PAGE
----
Female Altar Servers Part 2 - Burke is at it Again
  • Kathy
    Posts: 5,193
    I would argue that this thread, though unreasonable at times and definitely heated, is on point regarding this forum.

    The point being made was that the Liturgy has been "feminized" because women are involved in it.

    Take this to logical conclusions and see what happens to female DMs and mixed scholas and (heaven forefend!) lady hymn writers in the near future.
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  • It is totally on point.

    But it dares to take on one of the heros of "traditional Catholicism." That is an unforgivable sin here.
  • Kathy
    Posts: 5,193
    But it dares to take on one of the heros of "traditional Catholicism." That is an unforgivable sin here.
    I don't think that's the issue at all. Anytime this sort of thing comes up, it all gets heated. Start a thread about women wearing surplice and cotta and see how that goes.

    My objection here is that while most of us intensely agree that the silliness in Liturgy has gotten out of hand, some of us have chosen to place the blame for that silliness on me and another half a billion Catholics.

    Every pope in my entire lifetime has shown leadership in respect for women. Pope Paul VI, Pope John Paul II, and Pope Benedict all named women Doctors of the Church.
  • Well frankly it's not even that heated.

    I called someone's publicly expressed ideas "bone headed." Oh, such profanity!

    And everyone here who has addressed each other has done it civilly, including me.

    "Heated" is the comments section of the local newspaper following a story on Ferguson, not this.
  • It's not about disagreeing with some untouchable hero of traditional Catholicism. Reasonable people can disagree about what he said, but calling his ideas "bone-headed" is a non-starter and just shuts down discussion.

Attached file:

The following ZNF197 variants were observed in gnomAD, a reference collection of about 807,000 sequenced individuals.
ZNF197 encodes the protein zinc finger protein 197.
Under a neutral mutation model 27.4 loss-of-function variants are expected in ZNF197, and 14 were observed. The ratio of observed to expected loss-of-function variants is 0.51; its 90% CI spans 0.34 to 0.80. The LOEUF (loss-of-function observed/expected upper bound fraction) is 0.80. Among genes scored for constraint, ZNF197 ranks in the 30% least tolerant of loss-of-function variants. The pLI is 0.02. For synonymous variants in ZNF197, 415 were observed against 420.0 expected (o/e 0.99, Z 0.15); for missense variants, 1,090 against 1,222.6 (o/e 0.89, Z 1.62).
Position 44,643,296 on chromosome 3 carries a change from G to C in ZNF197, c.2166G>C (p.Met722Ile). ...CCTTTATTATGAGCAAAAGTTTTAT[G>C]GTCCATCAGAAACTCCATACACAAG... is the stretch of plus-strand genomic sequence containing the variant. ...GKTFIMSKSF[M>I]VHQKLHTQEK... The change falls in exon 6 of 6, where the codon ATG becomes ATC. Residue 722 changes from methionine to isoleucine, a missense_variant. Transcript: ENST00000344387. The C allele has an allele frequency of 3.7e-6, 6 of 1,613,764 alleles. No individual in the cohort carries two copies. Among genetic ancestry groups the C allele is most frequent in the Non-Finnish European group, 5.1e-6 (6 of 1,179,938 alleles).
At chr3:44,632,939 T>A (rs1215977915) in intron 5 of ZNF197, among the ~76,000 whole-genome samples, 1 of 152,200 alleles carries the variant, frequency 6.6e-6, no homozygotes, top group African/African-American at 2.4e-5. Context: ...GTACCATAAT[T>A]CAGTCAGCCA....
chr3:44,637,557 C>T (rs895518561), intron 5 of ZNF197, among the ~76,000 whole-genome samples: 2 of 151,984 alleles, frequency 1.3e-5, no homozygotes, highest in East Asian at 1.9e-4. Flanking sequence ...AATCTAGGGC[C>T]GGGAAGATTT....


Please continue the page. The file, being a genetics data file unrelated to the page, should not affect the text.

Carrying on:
What would help (before disagreeing) is understanding what he did say - and what he didn't. Looks like we're not even in agreement about this.
  • Sorry, but if someone spouts racist ideas or says that people should only marry within their race, I'll call those ideas "bone-headed" any day, for that is what they are.

    The same goes for misogynistic or homophobic ideas, which is what these are.

    I won't apologize for my bluntness and clarity.
  • dad29
    Posts: 1,908
    I couldn't care less about singing testosterone laden hymns with fighting imagery.


    Goodie for you!

    And neither should any other man.


    Sorry, but THIS man can make his own decisions. You can ...ahhh.....stuff your directive.
  • Well, we are the Church Militant.
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  • melofluentmelofluent
    Posts: 4,160
    For I have been informed concerning you, my brethren, by Chloe's people, that there are quarrels among you. 12 Now I mean this, that each one of you is saying, "I am of Paul," and "I of Apollos," and "I of Cephas," and "I of Christ." 13 Has Christ been divided? Paul was not crucified for you, was he? Or were you baptized in the name of Paul?…


    Can we agree that S.Paul called it right in saecula saeculorum?
    This is not a sola scriptura argument, but if we don't don't get it together it may decline into a very real remnant church. I don't believe that's what I was told, signed up for, nor what B16 meant.
    And
    we are the Church Militant.

    sounds too close to "We are called, we are chosen, we are Christ for one another."
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  • Lol. Touché.
  • Kathy,

    I think you misconstrue (accidentally) the point of a "feminized" critique. Neither Cardinal Burke, nor any other solidly Catholic man believes that all women are empty-headed. That's not remotely what the Cardinal or Mr. Esolen means when either uses this term as a critique.

    If I may try from a different angle: